Keep Your Christmas Lighting Costs Low with Energy Efficient Christmas Lights
Every year when Christmas lights start to pop up in the neighbour’s garden or on the high street, it’s always an exciting sign that the festive period is upon us. Whether you choose understated fairy lights or go all out with a light-up Santa for the lawn, the sparkle of Christmas lighting always creates quite a buzz.
However, this year in particular with the cost of living crisis, many households across the UK will need to make lifestyle changes and cutbacks in an attempt to lower their energy bills. With many ‘non-essentials’ having to take a back-seat, you might be wondering, can I afford to have Christmas lights this year?
But, fear not! With a wide range of more affordable, energy efficient Christmas lights available on the market, you can still enjoy the magic of the festive season, while keeping costs low.
Incandescent vs LED Christmas lights
Traditional Christmas lights, such as coloured tree lights, are usually made with incandescent bulbs. Whilst these bulbs may be popular at this time of year, they are extremely inefficient. Only 10% of the energy the bulbs consume create light, the other 90% is wasted as heat.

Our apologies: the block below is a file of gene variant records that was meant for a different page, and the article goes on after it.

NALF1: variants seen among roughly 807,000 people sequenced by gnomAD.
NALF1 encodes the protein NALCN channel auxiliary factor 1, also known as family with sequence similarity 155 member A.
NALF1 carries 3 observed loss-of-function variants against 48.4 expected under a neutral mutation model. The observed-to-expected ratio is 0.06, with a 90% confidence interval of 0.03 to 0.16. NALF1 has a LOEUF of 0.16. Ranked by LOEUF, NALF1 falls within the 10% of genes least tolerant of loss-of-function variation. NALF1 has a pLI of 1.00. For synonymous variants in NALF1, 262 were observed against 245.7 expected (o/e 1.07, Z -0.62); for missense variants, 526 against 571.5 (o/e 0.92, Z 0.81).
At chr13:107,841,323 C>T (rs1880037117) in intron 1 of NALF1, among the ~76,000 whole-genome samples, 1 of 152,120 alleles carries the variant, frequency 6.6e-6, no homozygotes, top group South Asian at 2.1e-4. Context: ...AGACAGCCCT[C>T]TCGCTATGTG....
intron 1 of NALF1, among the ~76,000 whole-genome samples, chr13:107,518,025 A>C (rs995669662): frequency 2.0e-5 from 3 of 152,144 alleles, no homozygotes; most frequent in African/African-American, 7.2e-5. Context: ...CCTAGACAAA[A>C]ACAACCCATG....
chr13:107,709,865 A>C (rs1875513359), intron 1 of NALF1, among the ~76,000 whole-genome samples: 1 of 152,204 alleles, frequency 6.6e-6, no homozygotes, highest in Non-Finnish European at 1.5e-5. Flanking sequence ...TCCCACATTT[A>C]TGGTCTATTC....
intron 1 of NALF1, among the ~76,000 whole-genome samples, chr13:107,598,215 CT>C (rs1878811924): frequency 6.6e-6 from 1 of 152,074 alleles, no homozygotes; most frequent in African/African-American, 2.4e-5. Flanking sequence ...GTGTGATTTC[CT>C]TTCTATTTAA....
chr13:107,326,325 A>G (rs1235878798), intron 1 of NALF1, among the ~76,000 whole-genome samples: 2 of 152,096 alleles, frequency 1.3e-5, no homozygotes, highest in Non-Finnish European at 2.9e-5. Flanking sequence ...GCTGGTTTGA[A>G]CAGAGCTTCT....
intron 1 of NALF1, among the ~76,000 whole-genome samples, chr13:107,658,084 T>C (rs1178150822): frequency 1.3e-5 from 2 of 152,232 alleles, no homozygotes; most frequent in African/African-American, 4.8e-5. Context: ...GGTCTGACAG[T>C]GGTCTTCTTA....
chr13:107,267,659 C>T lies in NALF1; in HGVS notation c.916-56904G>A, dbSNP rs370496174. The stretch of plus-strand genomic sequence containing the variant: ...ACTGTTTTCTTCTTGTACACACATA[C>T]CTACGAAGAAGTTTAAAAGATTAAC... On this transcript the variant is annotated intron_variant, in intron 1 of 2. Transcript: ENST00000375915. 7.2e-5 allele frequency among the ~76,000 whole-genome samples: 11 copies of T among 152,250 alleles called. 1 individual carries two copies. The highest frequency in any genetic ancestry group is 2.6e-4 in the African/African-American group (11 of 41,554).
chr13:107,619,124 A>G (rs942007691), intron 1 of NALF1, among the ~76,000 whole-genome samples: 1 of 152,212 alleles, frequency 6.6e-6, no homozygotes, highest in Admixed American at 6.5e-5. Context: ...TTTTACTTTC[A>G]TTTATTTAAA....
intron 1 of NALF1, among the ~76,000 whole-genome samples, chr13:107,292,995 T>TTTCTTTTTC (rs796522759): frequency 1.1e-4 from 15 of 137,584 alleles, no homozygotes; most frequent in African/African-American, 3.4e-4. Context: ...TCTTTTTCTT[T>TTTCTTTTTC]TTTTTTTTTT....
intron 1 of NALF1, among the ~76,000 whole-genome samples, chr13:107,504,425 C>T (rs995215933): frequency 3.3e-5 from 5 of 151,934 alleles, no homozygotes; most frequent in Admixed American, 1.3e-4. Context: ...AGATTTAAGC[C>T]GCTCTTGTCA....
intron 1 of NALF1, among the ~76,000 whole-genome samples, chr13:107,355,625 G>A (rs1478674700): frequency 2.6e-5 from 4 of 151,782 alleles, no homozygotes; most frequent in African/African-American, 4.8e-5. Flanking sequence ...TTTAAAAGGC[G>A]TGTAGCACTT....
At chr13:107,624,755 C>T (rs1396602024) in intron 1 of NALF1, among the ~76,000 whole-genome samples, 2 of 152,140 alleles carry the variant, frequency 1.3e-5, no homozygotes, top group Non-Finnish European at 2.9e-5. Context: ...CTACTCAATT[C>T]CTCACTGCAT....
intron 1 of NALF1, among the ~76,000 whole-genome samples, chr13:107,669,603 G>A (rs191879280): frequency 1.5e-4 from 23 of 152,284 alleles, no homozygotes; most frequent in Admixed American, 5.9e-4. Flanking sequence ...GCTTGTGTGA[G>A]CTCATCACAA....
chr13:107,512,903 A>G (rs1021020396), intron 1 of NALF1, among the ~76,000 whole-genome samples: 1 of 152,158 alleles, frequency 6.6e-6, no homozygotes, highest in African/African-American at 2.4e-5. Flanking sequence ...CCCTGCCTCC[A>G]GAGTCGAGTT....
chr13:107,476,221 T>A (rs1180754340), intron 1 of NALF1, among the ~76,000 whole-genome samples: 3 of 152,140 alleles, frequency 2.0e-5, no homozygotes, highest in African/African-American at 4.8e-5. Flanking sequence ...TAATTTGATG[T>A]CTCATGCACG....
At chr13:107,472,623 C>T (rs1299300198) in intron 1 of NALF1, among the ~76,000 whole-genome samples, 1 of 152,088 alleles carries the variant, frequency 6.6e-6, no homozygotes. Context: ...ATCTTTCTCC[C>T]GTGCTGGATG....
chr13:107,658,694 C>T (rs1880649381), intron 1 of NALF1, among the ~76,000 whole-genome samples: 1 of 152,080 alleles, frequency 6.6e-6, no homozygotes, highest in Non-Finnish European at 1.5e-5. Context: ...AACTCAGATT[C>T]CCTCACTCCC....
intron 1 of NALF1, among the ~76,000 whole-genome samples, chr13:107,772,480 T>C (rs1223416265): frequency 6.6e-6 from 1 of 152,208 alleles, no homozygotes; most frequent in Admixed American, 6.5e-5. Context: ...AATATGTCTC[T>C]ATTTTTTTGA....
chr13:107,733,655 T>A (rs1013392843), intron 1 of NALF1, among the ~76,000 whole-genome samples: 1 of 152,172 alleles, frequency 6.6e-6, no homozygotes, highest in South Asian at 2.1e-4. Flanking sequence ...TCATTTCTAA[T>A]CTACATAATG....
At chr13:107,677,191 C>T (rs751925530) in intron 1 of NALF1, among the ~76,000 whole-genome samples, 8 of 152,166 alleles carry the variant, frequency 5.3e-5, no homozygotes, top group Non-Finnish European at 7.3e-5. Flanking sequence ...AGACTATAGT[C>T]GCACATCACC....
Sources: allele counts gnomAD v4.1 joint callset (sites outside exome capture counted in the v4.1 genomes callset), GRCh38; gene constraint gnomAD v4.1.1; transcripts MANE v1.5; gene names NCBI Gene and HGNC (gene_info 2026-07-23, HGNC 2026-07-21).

In comparison, LED lights are much more efficient and require less energy to run. On top of this, LED bulbs have a much longer life, so just one set of LED tree lights, or icicle string lights can last year after year, saving you money on replacements too.
How much does it cost to run LED lights at Christmas?
To put the above information into perspective, a string of energy efficient LED fairy lights, suitable to use on a 7-foot Christmas tree, will cost roughly £1.73 to run over the festive period. In addition to this, LED lights use 90% less energy than incandescent alternatives, so no energy will be wasted.
How else can you save energy and money over the Christmas period?
Along with investing in energy saving LED Christmas lights, a great way to reduce costs this winter is to ensure that your decorations are only on when necessary or visible.
In 2020, the average UK household had their Christmas lights up for a grand total of 43 days, but there is certainly no need to leave the lights shining 24/7 during this period. Simple changes, like turning all indoor lights off when you’re not home, or using a timer to make sure your outdoor lights are only on for a certain hours of the evening, can really help to reduce the impact of the Christmas lighting bill.